Editorials

EDITORIAL

Will Congress step up after Comey firing?

Then-FBI Director James Comey spoke March 7 at a ribbon-cutting for the agency’s new offices in Chelsea.
John Blanding/Globe Staff/File
Then-FBI Director James Comey spoke March 7 at a ribbon-cutting for the agency’s new offices in Chelsea.

After President Trump’s bombshell announcement Tuesday afternoon that he had fired FBI director James B. Comey, a decision he connected to the agency’s ongoing investigation into Russian meddling in last year’s presidential campaign, the nation is at a crossroads. Either the Senate can insist on replacing Comey with a credible new leader who will continue its investigation and follow the evidence wherever it leads, or it can tacitly accept the president’s blatant effort to derail the inquiry.

That path is almost too ominous to contemplate. Presidents bending law enforcement to their will is the hallmark of undemocratic regimes.

Since last summer, Comey’s agency has been investigating a matter of grave national concern: whether Russian intelligence agencies colluded with members of the Trump campaign to boost his candidacy last year. Evidence of close contacts has mounted: Not only did Trump’s advisers include men with financial ties to Russia, but figures like former national security adviser Michael Flynn and Attorney General Jeff Sessions spoke with the Russian ambassador to the United States during the campaign.

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It was none other than Sessions who on Tuesday recommended firing Comey. The deputy attorney general, Rod Rosenstein, also supported axing Comey. Rosenstein based his recommendation on the way Comey treated Hillary Clinton last year.

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Comey’s mishandling of the Clinton e-mail investigation, and inappropriate public comments just before the election, were indeed troubling. They might even have provided a good reason to fire him back in January. Then, though, Trump decided with much fanfare to keep Comey in the job he had held since 2013.

The facts from last year haven’t changed, but Trump’s decision has. And whatever Rosenstein’s rationale, the president made it clear he had in mind something else completely as he sent Comey packing on Tuesday.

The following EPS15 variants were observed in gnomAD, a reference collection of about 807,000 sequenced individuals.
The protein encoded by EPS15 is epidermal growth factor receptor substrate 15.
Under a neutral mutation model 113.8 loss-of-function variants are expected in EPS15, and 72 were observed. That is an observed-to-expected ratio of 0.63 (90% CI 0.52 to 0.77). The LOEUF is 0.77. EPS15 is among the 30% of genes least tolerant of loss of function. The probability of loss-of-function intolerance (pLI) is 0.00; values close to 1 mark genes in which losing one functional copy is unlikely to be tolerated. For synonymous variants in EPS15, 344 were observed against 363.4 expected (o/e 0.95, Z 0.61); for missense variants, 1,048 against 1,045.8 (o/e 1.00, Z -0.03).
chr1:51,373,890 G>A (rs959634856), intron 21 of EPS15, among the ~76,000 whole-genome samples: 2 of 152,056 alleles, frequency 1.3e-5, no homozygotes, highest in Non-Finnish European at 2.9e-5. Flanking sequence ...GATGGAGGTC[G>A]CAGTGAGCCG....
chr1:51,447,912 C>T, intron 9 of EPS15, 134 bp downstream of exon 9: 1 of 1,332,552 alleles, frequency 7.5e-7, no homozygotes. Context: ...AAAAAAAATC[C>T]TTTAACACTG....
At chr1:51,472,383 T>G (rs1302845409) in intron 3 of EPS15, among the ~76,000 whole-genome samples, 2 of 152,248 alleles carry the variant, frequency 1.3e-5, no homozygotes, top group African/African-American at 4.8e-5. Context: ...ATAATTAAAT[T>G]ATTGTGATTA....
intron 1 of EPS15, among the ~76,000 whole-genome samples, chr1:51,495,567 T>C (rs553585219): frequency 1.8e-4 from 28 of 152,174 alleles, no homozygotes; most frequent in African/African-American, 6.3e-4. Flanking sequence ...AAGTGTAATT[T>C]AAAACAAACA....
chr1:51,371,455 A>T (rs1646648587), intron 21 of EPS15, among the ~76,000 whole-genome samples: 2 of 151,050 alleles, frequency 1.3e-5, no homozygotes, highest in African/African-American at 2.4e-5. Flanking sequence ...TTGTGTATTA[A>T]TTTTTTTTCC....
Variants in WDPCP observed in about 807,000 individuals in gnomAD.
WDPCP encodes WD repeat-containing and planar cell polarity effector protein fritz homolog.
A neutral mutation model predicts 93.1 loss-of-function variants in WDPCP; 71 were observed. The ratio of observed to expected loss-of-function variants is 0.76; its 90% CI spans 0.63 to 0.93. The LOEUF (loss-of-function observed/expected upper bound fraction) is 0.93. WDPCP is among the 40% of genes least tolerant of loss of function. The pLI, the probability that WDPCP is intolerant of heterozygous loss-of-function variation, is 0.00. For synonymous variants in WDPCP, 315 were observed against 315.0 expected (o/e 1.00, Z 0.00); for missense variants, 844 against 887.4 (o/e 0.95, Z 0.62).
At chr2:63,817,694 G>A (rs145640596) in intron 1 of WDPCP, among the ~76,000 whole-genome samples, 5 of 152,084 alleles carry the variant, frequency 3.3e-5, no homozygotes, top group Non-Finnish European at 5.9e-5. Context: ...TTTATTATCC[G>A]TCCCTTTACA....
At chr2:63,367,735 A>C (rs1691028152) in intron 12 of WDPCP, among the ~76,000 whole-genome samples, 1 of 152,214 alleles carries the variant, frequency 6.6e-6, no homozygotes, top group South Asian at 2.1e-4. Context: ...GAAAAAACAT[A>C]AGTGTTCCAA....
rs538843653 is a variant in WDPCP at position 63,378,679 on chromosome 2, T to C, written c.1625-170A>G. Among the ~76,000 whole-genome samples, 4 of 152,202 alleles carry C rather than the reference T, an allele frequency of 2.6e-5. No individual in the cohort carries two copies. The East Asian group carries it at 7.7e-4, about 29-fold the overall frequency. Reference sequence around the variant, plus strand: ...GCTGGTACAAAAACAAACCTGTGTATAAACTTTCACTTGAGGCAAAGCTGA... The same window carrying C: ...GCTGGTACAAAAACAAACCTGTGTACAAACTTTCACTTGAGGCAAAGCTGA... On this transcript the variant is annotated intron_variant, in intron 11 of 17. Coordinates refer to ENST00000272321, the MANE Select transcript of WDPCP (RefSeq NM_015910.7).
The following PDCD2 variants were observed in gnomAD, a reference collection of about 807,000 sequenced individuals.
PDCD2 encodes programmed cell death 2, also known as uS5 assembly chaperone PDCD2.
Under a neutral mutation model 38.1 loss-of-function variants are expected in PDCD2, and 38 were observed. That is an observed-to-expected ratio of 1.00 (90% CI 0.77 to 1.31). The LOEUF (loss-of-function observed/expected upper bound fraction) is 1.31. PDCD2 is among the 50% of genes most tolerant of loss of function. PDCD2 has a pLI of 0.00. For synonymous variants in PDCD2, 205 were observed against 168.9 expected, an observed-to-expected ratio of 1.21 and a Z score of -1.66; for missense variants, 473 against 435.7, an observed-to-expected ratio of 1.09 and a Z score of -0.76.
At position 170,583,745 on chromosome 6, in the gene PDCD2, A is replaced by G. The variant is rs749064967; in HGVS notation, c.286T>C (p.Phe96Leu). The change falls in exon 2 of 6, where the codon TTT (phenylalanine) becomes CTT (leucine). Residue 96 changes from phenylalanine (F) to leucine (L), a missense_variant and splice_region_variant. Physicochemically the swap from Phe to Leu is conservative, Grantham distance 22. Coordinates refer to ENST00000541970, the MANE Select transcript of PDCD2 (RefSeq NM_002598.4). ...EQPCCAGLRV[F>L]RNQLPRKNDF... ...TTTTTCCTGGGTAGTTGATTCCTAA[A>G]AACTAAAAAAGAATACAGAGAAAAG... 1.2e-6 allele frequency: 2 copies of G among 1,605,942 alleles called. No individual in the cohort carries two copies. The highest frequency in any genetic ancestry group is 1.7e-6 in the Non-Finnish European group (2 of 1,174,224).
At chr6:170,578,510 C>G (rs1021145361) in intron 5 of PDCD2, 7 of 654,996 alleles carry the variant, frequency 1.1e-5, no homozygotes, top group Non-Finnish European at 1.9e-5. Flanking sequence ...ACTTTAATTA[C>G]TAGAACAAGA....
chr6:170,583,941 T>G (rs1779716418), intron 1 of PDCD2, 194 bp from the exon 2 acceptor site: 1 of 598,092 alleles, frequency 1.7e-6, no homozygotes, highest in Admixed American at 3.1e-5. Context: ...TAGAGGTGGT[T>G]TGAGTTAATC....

“While I greatly appreciate you informing me, on three separate occasions, that I am not under investigation, I nevertheless concur with the judgment of the Department of Justice that you are not able to effectively lead the bureau,” Trump wrote.

That sentence is likely to be parsed in days to come, and no FBI agent is dumb enough to miss its logic. It’s a formulation in which effectively leading the bureau is linked to not investigating the president.

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Those words are the stuff obstruction of justice is made of.

As Washington took stock of the shocking news on Tuesday, Trump announced that he was beginning the search for a new FBI head. The nominee will require Senate confirmation, which is shaping up as a major test for the Senate. As recently as Monday, many senators still seemed to be in campaign mode when it came to the Russia probe, frittering away their time at the hearing to make cheap political points.

But the American system of checks and balances requires the legislative branch to rise to the occasion — and not behind closed doors, but in full view of the public, rank-and-file FBI agents, and the president.

Republican senators, especially, have been loath to criticize Trump in public. Some have been willing to play along with his diversionary tactics meant to muddy the Russia probe (trying to change the subject to press leaks, for instance). But now the burden is squarely on them to stand up for the integrity of the FBI and the Russia investigation. Anything less risks deepening what already looks like a travesty of justice.